Authors: Lorenz KJ, Groll K, Ackerstaff AH, Hilgers FJM, Maier H
Title: Hands-free speech after surgical voice rehabilitation with a Provox voice prosthesis: Experience with the Provox FreeHands HME tracheostoma valve system
Source: European Archives of Oto Rhino Laryngology 2007 264(2): 151-157
Year: 2007
Research Design: Case Series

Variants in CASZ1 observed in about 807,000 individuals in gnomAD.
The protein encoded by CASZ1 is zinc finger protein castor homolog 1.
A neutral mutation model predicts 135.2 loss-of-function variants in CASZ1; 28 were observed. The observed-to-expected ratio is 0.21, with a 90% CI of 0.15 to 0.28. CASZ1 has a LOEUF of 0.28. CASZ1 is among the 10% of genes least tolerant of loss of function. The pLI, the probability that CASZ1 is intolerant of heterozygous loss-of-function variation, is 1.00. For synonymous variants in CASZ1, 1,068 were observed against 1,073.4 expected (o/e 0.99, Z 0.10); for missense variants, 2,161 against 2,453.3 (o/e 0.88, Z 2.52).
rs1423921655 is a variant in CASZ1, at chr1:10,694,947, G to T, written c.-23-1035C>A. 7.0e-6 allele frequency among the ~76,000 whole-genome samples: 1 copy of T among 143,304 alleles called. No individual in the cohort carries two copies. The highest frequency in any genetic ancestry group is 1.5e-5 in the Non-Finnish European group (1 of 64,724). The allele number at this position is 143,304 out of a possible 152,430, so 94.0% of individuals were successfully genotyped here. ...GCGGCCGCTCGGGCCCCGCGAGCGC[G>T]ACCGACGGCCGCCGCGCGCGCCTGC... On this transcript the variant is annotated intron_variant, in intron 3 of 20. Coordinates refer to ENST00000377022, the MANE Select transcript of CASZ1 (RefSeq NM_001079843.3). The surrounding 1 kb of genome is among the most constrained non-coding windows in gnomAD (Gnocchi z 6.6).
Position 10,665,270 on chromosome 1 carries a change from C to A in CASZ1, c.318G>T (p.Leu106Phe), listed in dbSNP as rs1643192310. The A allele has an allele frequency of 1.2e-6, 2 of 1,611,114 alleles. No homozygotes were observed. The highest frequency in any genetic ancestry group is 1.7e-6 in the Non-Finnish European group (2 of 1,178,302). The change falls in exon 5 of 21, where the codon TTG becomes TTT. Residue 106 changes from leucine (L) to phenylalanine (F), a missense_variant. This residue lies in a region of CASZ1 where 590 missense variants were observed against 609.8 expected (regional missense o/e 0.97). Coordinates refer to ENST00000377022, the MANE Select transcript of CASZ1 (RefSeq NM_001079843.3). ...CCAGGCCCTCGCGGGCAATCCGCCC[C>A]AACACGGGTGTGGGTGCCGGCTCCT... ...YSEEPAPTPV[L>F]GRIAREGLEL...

Excellent results have been reported with the use of voice prostheses for the rehabilitation of laryngectomees. Patients, however, consider it a disadvantage that the tracheostoma must be closed manually for speech production. This limits their ability to simultaneously communicate by gesture or to work with both hands. An automatic tracheostoma valve helps patients overcome this problem. We describe a prospective clinical trial evaluating our experience with the Provox FreeHands HME Automatic Tracheostoma Valve system. Twenty-four laryngectomees were randomly selected from the patients who had undergone laryngectomy at the ENT Department. Immediately, after 4 weeks and 6 months later having been fitted with a Provox FreeHands HME, the patients were asked to complete a questionnaire in order to assess their satisfaction, voice quality, wearing comfort, fixation, potential problems, and the effectiveness of the HME cassette. In addition, we investigated relevant voice quality parameters including dynamics range, frequency range of the speaking voice, and maximum phonation time. Seven patients discontinued the study due to problems of securing the valve to the skin (four patients) or recurrent cancer (three patients). Ten of the remaining 17 patients wore the valve daily for an average of 8.4 h. A total of 88% of the patients considered it a great advantage to be able to speak without having to use their hands. With the Provox FreeHands HME, maximum phonation time was 8.7 (+/-6.2) s and the dynamic range was 21.9 (+/-5.8) decibels. The results show that the Provox FreeHands HME Automatic Tracheostoma Valve system not only allows hands-free speech but is also associated with excellent compliance and good voice rehabilitation. ©Springer

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